Why would the God of mercy and compassion harden the heart of the evil-doing Pharaoh rather than, say, softening his heart to relent and give way to a solution with Moses?
And wouldn’t God’s hardening Pharaoh’s heart remove his culpability for wrongdoing?
The sages offer several answers and explanations to these difficult questions.
First, let’s recall that Pharaoh’s heart hardens of its own volition during the first plagues. Early on, Pharaoh could have changed, but he gets so deeply onto the destructive path there is no turning back.
In other words, as one’s evil compounds, one’s freedom to make a different choice is constricted. This reality in nature could be what is meant by God’s hardening of the heart.
Yet, it appears even more is at stake in the enslavement in Egypt. A short term “political victory” is not God’s intention here. This is to be a signal intervention in history, one all mankind will recall forever – as a sign of God’s sovereignty in the world, a force that drives both toward a real abiding sense of freedom from tyranny as well as a commitment of all to walk in God’s ways.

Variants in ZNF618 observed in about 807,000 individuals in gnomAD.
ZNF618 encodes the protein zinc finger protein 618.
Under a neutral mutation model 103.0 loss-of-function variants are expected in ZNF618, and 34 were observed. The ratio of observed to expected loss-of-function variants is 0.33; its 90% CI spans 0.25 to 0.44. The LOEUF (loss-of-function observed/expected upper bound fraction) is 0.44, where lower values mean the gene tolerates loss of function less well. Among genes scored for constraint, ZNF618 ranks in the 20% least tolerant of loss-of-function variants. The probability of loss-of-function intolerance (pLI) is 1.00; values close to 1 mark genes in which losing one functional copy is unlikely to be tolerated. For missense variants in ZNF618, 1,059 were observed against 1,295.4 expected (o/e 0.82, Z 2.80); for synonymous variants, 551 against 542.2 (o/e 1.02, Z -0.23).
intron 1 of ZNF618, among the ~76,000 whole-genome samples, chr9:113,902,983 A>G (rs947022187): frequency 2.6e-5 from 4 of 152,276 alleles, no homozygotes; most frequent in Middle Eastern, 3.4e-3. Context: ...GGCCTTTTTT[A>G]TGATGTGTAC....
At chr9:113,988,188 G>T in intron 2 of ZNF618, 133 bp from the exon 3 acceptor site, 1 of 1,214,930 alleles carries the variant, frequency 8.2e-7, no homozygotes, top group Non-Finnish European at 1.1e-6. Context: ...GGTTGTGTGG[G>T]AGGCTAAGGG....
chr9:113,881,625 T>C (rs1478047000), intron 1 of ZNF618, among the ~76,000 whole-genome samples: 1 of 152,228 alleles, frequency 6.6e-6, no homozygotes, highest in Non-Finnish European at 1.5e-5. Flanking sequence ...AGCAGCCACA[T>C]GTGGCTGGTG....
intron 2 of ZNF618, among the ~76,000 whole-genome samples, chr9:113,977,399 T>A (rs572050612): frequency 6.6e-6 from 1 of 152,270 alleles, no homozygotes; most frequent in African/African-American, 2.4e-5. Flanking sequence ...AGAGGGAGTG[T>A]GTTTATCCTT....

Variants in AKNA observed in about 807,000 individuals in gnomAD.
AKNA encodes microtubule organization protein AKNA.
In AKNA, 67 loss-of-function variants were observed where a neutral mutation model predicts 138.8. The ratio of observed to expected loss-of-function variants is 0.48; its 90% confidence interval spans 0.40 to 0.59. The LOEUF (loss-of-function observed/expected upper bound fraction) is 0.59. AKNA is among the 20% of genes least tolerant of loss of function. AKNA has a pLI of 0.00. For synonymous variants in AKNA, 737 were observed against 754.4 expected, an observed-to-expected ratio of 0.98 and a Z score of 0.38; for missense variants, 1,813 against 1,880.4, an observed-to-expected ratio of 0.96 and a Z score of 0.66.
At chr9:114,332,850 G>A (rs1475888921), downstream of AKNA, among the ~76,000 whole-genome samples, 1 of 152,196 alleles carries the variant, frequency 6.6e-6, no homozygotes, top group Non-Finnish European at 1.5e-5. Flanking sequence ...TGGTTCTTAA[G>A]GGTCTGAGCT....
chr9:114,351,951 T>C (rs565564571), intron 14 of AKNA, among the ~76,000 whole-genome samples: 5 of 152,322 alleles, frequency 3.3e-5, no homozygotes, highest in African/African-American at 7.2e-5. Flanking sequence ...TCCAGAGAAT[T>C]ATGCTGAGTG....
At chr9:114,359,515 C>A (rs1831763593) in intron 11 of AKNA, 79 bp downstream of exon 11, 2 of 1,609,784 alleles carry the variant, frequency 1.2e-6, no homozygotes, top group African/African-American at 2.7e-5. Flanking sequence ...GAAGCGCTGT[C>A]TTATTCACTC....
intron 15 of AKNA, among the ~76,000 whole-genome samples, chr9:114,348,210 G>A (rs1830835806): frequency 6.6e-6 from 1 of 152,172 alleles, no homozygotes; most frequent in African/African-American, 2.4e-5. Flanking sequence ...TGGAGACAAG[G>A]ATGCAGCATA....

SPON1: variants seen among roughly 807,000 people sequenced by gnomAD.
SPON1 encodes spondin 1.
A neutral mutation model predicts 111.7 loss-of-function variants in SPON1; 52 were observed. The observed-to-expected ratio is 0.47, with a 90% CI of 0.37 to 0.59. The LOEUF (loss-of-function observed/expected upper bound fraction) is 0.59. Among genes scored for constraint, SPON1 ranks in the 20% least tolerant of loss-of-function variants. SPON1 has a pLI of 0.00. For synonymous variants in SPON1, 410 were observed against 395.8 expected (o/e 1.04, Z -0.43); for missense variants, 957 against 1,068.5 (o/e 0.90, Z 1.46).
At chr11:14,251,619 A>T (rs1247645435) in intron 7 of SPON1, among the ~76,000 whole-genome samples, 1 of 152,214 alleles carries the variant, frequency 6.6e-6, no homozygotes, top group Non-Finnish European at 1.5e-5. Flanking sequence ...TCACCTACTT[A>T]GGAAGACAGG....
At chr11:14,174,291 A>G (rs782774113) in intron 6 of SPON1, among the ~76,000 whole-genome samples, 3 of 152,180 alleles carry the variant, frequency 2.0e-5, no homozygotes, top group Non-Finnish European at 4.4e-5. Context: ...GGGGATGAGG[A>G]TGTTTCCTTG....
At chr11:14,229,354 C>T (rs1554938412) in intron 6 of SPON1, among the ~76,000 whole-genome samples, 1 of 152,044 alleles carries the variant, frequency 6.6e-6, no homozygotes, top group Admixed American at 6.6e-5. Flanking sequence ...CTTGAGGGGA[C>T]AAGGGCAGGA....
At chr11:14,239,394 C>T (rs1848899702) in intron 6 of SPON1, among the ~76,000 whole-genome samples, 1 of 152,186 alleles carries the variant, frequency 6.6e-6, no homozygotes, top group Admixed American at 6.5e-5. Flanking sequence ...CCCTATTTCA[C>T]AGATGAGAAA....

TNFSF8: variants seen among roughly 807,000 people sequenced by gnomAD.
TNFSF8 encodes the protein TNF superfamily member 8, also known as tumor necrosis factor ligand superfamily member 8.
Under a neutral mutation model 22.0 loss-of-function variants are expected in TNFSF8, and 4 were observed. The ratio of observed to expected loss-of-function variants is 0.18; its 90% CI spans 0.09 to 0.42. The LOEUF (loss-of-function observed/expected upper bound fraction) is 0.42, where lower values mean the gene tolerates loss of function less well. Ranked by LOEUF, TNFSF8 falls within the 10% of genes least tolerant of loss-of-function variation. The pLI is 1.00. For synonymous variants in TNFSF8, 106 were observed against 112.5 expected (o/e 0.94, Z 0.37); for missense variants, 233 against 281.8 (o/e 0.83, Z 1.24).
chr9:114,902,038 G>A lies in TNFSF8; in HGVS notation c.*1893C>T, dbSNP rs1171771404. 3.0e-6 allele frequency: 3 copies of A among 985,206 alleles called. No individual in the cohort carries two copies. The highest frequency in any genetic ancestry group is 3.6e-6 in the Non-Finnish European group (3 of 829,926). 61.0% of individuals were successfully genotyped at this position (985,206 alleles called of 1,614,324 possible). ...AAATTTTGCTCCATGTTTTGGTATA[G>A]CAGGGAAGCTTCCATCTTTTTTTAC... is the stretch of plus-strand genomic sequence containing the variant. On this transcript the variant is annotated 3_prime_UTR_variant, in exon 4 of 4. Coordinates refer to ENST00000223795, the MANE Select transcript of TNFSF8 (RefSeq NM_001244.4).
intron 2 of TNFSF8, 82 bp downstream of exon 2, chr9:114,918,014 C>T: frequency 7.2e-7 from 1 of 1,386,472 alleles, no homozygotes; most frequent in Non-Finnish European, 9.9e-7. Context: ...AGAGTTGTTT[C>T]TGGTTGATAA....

God deploys Divine wonders to fulfill a complete, not a partial or temporary, redemption from material-governed tyranny. This sort of victory doesn’t happen easily or quickly, or without pain and real transformation. While it might feel better if this weren’t so, it is so, both for the oppressor and the oppressed.
Further, it is natural for an evil person to press ahead strongly, even to the point of his/her destruction. Isn’t this proclivity also suggestive of a toughening of the heart? Tyrants don’t listen or often reflect on or heed consequences; they don’t give ground. As things get bad especially, they often temporize and steel up to avoid fear or truth.
The redemption of the Israelites from the Pharaoh was God’s wish. Our redemption from all things-Pharaoh in our own lives is also God’s wish. We must understand that the heart of Pharaoh – both then and now – never softens.